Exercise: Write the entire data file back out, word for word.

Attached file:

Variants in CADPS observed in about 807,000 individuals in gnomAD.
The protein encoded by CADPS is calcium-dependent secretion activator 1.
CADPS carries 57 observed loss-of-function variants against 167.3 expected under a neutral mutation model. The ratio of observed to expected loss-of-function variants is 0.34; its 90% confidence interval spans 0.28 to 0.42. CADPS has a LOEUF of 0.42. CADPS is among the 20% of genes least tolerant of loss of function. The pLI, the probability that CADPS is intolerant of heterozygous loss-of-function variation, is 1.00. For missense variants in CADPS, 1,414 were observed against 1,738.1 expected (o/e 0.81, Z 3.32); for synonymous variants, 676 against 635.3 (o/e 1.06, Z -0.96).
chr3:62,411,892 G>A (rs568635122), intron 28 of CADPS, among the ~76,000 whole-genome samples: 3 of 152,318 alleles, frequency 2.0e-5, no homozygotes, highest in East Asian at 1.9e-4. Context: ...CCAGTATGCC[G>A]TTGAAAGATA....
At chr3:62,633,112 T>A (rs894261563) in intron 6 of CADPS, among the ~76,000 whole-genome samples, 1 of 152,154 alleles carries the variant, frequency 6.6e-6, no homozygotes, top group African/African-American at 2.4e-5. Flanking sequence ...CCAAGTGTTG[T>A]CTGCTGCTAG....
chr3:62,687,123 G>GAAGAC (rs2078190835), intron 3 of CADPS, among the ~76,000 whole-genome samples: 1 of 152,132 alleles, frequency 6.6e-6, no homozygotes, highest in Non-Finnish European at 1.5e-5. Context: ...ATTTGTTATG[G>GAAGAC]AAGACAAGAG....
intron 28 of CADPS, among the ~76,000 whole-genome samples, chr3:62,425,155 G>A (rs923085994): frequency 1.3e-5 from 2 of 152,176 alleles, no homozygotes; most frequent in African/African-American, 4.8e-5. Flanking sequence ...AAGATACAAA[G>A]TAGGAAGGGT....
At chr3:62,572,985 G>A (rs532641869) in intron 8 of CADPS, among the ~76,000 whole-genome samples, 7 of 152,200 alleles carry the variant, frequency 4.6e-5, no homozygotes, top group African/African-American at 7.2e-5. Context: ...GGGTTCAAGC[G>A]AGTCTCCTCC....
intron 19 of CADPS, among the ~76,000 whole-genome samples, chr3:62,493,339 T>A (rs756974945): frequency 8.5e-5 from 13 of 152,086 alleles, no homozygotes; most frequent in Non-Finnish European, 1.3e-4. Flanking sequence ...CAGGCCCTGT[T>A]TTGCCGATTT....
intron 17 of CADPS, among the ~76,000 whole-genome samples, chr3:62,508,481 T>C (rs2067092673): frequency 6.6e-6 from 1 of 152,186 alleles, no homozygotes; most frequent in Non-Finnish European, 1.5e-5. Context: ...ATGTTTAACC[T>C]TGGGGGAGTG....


Variants in CADPS observed in about 807,000 individuals in gnomAD.
The protein encoded by CADPS is calcium-dependent secretion activator 1.
CADPS carries 57 observed loss-of-function variants against 167.3 expected under a neutral mutation model. The ratio of observed to expected loss-of-function variants is 0.34; its 90% confidence interval spans 0.28 to 0.42. CADPS has a LOEUF of 0.42. CADPS is among the 20% of genes least tolerant of loss of function. The pLI, the probability that CADPS is intolerant of heterozygous loss-of-function variation, is 1.00. For missense variants in CADPS, 1,414 were observed against 1,738.1 expected (o/e 0.81, Z 3.32); for synonymous variants, 676 against 635.3 (o/e 1.06, Z -0.96).
chr3:62,411,892 G>A (rs568635122), intron 28 of CADPS, among the ~76,000 whole-genome samples: 3 of 152,318 alleles, frequency 2.0e-5, no homozygotes, highest in East Asian at 1.9e-4. Context: ...CCAGTATGCC[G>A]TTGAAAGATA....
At chr3:62,633,112 T>A (rs894261563) in intron 6 of CADPS, among the ~76,000 whole-genome samples, 1 of 152,154 alleles carries the variant, frequency 6.6e-6, no homozygotes, top group African/African-American at 2.4e-5. Flanking sequence ...CCAAGTGTTG[T>A]CTGCTGCTAG....
chr3:62,687,123 G>GAAGAC (rs2078190835), intron 3 of CADPS, among the ~76,000 whole-genome samples: 1 of 152,132 alleles, frequency 6.6e-6, no homozygotes, highest in Non-Finnish European at 1.5e-5. Context: ...ATTTGTTATG[G>GAAGAC]AAGACAAGAG....
intron 28 of CADPS, among the ~76,000 whole-genome samples, chr3:62,425,155 G>A (rs923085994): frequency 1.3e-5 from 2 of 152,176 alleles, no homozygotes; most frequent in African/African-American, 4.8e-5. Flanking sequence ...AAGATACAAA[G>A]TAGGAAGGGT....
At chr3:62,572,985 G>A (rs532641869) in intron 8 of CADPS, among the ~76,000 whole-genome samples, 7 of 152,200 alleles carry the variant, frequency 4.6e-5, no homozygotes, top group African/African-American at 7.2e-5. Context: ...GGGTTCAAGC[G>A]AGTCTCCTCC....
intron 19 of CADPS, among the ~76,000 whole-genome samples, chr3:62,493,339 T>A (rs756974945): frequency 8.5e-5 from 13 of 152,086 alleles, no homozygotes; most frequent in Non-Finnish European, 1.3e-4. Flanking sequence ...CAGGCCCTGT[T>A]TTGCCGATTT....
intron 17 of CADPS, among the ~76,000 whole-genome samples, chr3:62,508,481 T>C (rs2067092673): frequency 6.6e-6 from 1 of 152,186 alleles, no homozygotes; most frequent in Non-Finnish European, 1.5e-5. Context: ...ATGTTTAACC[T>C]TGGGGGAGTG....